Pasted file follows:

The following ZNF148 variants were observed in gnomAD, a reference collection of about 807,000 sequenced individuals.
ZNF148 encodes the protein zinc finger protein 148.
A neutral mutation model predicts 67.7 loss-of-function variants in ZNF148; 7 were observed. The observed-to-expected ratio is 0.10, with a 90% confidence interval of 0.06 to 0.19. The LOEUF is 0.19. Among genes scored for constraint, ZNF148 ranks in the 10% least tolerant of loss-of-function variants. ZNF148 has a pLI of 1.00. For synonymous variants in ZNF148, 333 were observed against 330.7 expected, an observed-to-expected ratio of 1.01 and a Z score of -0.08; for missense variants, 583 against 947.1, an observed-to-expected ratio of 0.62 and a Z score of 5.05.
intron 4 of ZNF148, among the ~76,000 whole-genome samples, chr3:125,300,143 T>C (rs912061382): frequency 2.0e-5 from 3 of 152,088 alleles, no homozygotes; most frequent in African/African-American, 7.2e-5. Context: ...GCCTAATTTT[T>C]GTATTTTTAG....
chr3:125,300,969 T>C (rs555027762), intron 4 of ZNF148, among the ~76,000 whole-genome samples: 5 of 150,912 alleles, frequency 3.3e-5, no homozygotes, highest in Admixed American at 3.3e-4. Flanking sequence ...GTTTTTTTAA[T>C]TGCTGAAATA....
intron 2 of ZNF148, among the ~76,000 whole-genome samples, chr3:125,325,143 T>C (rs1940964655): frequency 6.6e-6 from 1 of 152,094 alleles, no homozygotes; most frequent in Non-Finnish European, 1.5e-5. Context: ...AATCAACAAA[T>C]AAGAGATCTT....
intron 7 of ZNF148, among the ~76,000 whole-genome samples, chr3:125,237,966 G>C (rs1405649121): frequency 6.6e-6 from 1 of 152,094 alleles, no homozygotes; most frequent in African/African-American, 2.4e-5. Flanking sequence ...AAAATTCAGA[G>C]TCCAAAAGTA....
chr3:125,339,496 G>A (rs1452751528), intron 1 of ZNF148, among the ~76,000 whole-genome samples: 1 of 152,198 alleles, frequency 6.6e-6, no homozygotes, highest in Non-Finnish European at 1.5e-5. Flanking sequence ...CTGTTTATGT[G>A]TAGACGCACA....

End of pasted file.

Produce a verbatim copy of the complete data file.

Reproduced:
The following ZNF148 variants were observed in gnomAD, a reference collection of about 807,000 sequenced individuals.
ZNF148 encodes the protein zinc finger protein 148.
A neutral mutation model predicts 67.7 loss-of-function variants in ZNF148; 7 were observed. The observed-to-expected ratio is 0.10, with a 90% confidence interval of 0.06 to 0.19. The LOEUF is 0.19. Among genes scored for constraint, ZNF148 ranks in the 10% least tolerant of loss-of-function variants. ZNF148 has a pLI of 1.00. For synonymous variants in ZNF148, 333 were observed against 330.7 expected, an observed-to-expected ratio of 1.01 and a Z score of -0.08; for missense variants, 583 against 947.1, an observed-to-expected ratio of 0.62 and a Z score of 5.05.
intron 4 of ZNF148, among the ~76,000 whole-genome samples, chr3:125,300,143 T>C (rs912061382): frequency 2.0e-5 from 3 of 152,088 alleles, no homozygotes; most frequent in African/African-American, 7.2e-5. Context: ...GCCTAATTTT[T>C]GTATTTTTAG....
chr3:125,300,969 T>C (rs555027762), intron 4 of ZNF148, among the ~76,000 whole-genome samples: 5 of 150,912 alleles, frequency 3.3e-5, no homozygotes, highest in Admixed American at 3.3e-4. Flanking sequence ...GTTTTTTTAA[T>C]TGCTGAAATA....
intron 2 of ZNF148, among the ~76,000 whole-genome samples, chr3:125,325,143 T>C (rs1940964655): frequency 6.6e-6 from 1 of 152,094 alleles, no homozygotes; most frequent in Non-Finnish European, 1.5e-5. Context: ...AATCAACAAA[T>C]AAGAGATCTT....
intron 7 of ZNF148, among the ~76,000 whole-genome samples, chr3:125,237,966 G>C (rs1405649121): frequency 6.6e-6 from 1 of 152,094 alleles, no homozygotes; most frequent in African/African-American, 2.4e-5. Flanking sequence ...AAAATTCAGA[G>C]TCCAAAAGTA....
chr3:125,339,496 G>A (rs1452751528), intron 1 of ZNF148, among the ~76,000 whole-genome samples: 1 of 152,198 alleles, frequency 6.6e-6, no homozygotes, highest in Non-Finnish European at 1.5e-5. Flanking sequence ...CTGTTTATGT[G>A]TAGACGCACA....